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WhatsApp and the Erosion of the Network Effect

The article that I read for this blog post was titled “WhatsApp and the Erosion of the Network Effect” and was published by The Atlantic. The article was published when Facebook purchased WhatsApp for $19 billion and analyzes how this purchase demonstrates a reduction in the influence of the Network Effect. The main point that the article makes is that, because of high switching costs—for instance, the annoyance of having to re-upload several photos or create an entirely new network—the Network Effect must be in place for people to explore new social networks. However, because phones create less hassle for people to switch between networks, the network effect is not as much of a drive for other people to use new social networking apps.

This article relates to what we have learned in class pretty directly, as it is a real-world application of the “Network Effect” phenomenon that we studied two weeks ago. To review what we learned, the network effect is when a direct benefit occurs when your behavior is aligned with the behavior of others. Thus, the article claims that the network effect must be a primary motivator for other people to join new online social networks, because the switching cost is high; there truly must be an “everyone else is doing it” phenomenon in order for one to join a new network. Though I find the article’s analysis of the reduction of the network effect’s influence in mobile social networking apps interesting, and do agree with it somewhat, I still find that it plays a pretty preeminent role in which mobile networks people decide to join. For instance, I am on Snapchat because many of my friends are on it; however, I am not on WhatsApp because I do not see a purpose for it. Still, the article does make some interesting points and I do find it to be an interesting application of course topics.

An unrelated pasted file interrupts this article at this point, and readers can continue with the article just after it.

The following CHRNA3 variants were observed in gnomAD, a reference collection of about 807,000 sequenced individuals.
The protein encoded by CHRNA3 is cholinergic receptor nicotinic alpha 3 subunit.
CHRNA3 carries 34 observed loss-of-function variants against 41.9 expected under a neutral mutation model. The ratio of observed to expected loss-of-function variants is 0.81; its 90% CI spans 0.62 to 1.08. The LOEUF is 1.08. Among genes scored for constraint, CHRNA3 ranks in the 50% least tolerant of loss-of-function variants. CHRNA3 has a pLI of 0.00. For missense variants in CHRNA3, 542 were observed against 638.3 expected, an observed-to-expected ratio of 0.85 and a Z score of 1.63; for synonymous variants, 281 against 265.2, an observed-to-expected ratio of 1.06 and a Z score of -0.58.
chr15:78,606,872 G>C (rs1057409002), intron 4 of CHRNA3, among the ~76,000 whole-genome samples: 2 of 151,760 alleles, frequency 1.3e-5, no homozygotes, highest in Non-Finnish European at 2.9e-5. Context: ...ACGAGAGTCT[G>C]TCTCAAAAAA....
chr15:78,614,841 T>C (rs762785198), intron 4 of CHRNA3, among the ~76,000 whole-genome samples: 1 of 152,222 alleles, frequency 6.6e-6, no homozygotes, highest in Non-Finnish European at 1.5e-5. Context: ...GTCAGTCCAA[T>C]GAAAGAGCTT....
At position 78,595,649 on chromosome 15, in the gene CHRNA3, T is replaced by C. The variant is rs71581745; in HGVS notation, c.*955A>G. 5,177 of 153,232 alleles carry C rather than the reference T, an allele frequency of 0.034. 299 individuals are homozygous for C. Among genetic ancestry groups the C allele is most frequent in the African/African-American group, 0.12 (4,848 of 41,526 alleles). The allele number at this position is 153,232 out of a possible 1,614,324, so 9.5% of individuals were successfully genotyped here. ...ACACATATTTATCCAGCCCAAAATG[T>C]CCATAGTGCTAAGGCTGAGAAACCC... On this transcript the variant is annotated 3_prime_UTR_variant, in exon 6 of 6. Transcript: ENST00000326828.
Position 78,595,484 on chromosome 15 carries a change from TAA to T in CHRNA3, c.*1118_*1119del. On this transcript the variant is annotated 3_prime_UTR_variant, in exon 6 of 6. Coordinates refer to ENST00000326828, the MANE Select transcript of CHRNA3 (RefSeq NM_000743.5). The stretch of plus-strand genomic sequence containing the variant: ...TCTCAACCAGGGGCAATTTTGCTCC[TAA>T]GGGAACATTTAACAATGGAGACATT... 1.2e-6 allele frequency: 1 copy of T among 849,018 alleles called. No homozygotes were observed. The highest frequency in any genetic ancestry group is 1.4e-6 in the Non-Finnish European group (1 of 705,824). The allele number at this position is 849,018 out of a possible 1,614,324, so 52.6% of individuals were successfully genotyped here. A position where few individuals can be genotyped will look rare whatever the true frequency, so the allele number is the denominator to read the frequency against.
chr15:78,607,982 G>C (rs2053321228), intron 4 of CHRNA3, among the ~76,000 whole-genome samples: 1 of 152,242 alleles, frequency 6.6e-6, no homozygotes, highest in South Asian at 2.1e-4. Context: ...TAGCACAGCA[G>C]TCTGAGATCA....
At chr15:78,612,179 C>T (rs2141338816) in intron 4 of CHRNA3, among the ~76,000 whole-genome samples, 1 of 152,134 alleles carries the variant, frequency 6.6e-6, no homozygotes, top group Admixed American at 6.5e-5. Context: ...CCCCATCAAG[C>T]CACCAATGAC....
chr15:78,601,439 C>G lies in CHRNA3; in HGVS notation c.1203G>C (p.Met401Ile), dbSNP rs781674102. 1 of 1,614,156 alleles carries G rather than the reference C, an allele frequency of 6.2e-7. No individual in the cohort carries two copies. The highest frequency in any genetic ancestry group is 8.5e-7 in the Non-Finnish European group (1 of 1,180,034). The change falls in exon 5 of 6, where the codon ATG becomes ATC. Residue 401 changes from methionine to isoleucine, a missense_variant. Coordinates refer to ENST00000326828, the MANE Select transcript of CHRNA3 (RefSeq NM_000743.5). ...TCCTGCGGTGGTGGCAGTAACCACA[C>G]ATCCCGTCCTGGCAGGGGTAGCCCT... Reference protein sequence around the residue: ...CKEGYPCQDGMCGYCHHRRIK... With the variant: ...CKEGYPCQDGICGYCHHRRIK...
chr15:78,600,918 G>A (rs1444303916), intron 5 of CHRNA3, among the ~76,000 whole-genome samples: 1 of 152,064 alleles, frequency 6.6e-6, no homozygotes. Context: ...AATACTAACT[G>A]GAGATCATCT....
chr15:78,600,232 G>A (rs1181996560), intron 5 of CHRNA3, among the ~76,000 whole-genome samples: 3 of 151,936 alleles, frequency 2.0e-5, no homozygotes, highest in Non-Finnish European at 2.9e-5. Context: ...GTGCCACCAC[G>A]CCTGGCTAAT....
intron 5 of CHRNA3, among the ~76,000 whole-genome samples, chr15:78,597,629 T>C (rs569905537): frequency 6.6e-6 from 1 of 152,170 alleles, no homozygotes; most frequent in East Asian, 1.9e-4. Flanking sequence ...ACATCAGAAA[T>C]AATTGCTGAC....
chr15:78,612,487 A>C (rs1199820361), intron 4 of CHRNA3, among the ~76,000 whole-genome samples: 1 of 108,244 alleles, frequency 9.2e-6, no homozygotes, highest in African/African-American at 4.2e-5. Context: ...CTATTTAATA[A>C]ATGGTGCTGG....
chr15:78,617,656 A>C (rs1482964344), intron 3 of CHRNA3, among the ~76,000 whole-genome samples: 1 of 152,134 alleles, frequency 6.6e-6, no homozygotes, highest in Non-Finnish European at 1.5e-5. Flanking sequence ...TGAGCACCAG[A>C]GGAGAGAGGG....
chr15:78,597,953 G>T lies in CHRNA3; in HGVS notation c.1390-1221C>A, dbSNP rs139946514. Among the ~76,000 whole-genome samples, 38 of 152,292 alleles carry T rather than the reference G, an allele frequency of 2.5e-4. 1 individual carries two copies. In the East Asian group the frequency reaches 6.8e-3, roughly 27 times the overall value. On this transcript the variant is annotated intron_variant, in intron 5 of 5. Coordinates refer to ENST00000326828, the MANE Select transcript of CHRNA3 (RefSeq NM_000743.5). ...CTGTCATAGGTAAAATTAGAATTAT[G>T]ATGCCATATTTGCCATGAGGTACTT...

The article can be found here:


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November 2014